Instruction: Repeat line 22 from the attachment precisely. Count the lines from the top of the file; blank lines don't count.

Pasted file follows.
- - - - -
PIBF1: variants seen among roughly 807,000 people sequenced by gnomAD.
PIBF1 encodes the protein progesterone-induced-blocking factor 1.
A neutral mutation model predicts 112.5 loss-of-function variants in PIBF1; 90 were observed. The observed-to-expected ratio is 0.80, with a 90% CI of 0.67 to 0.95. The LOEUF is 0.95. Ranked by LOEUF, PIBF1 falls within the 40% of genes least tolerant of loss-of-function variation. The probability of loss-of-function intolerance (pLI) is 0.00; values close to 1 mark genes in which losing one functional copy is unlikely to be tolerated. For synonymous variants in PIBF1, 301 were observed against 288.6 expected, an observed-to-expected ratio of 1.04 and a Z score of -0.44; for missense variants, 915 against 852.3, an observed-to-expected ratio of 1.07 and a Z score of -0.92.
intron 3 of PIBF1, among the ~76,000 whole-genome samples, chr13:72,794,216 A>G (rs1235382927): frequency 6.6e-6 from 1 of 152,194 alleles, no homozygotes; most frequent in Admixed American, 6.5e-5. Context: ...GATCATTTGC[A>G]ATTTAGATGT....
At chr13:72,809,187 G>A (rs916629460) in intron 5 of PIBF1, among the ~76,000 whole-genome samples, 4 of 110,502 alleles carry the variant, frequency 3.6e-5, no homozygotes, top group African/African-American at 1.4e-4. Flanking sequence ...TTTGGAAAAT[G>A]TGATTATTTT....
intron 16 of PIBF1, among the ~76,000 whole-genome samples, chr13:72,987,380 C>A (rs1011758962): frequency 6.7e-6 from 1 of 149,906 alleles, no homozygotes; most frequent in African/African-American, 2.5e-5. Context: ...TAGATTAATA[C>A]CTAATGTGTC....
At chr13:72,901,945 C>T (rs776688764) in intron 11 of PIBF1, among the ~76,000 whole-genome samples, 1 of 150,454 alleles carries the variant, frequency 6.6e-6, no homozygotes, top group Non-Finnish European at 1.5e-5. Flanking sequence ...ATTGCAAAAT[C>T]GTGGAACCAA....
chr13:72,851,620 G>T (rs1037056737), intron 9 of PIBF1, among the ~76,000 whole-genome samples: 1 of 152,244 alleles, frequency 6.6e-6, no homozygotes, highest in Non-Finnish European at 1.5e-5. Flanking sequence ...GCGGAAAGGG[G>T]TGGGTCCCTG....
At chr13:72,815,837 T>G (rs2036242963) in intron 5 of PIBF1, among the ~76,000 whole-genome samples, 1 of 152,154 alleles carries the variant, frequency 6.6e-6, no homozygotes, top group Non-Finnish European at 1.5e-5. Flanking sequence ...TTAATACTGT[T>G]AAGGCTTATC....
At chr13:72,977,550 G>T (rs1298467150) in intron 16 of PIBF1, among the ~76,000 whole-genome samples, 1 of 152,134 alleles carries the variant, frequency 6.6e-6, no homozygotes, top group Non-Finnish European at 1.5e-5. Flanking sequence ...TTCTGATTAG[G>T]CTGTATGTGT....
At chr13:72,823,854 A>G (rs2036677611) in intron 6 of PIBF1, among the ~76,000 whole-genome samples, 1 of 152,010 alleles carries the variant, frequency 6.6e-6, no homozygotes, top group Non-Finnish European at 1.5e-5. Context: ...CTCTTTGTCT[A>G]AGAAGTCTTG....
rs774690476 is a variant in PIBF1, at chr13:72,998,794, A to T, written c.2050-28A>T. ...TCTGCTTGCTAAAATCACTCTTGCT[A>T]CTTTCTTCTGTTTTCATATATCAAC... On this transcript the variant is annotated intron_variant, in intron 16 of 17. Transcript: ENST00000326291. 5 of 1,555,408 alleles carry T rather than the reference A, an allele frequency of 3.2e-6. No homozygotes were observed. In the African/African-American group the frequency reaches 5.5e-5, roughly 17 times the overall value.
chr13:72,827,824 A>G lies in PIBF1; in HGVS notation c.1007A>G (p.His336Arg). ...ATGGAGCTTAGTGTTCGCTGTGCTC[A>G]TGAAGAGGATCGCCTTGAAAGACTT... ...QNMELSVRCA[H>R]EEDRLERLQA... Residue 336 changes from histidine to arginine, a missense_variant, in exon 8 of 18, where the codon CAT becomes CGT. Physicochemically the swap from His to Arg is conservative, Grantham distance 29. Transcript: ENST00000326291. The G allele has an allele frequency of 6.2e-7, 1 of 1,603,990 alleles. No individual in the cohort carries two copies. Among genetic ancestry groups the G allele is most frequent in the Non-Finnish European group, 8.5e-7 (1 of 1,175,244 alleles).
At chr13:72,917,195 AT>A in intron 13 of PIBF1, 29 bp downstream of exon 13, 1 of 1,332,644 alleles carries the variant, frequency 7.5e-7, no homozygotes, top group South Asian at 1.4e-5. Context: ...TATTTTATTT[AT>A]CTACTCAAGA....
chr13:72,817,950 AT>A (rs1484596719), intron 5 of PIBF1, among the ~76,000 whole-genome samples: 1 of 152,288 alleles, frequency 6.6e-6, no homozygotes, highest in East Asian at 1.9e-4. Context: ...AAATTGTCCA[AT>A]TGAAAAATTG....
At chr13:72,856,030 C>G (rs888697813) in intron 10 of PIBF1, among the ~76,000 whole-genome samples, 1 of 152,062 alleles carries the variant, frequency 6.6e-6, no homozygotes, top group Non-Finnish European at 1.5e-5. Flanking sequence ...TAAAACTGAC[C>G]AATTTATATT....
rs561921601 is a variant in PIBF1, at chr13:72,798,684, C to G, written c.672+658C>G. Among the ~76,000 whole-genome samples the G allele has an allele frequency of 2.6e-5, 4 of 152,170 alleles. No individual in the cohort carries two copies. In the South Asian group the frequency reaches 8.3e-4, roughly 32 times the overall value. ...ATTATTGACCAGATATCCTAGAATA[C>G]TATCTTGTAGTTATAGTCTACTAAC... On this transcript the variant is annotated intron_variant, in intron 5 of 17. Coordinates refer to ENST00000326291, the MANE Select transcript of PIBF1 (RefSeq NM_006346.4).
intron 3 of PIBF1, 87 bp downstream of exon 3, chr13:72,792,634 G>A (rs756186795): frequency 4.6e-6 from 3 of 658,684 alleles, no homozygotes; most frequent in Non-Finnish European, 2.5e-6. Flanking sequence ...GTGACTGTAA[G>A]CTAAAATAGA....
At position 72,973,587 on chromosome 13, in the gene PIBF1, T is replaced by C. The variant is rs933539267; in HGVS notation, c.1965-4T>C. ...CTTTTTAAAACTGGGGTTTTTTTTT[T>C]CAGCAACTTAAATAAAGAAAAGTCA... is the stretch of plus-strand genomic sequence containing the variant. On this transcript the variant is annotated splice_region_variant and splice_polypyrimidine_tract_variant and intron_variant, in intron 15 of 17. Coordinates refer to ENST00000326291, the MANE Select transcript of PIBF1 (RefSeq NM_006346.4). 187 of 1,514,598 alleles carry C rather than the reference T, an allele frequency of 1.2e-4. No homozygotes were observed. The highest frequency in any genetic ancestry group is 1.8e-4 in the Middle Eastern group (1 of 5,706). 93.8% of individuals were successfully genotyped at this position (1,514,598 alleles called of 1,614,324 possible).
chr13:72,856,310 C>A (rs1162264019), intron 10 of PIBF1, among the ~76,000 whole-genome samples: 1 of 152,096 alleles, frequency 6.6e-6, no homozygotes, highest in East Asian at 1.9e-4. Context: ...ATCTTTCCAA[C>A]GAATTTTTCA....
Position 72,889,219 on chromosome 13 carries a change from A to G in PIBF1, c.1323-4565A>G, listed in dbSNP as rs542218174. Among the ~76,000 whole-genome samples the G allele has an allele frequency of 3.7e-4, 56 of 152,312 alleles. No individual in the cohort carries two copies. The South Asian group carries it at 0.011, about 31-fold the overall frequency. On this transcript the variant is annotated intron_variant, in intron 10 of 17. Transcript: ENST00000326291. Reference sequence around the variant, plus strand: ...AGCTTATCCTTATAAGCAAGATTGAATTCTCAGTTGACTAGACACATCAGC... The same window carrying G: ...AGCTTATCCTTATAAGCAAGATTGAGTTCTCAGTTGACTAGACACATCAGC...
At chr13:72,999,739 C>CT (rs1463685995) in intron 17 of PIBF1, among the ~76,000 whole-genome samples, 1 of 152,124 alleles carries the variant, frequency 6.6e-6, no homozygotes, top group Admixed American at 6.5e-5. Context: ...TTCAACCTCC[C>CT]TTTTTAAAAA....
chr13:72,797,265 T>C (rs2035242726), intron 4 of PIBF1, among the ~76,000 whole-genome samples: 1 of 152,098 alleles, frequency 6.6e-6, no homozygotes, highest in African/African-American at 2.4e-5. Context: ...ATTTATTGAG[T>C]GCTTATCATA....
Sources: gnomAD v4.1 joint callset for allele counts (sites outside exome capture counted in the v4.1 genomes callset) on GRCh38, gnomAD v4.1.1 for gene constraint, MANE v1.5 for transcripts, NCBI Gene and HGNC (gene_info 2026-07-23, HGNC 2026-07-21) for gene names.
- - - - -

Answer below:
At chr13:72,999,739 C>CT (rs1463685995) in intron 17 of PIBF1, among the ~76,000 whole-genome samples, 1 of 152,124 alleles carries the variant, frequency 6.6e-6, no homozygotes, top group Admixed American at 6.5e-5. Context: ...TTCAACCTCC[C>CT]TTTTTAAAAA....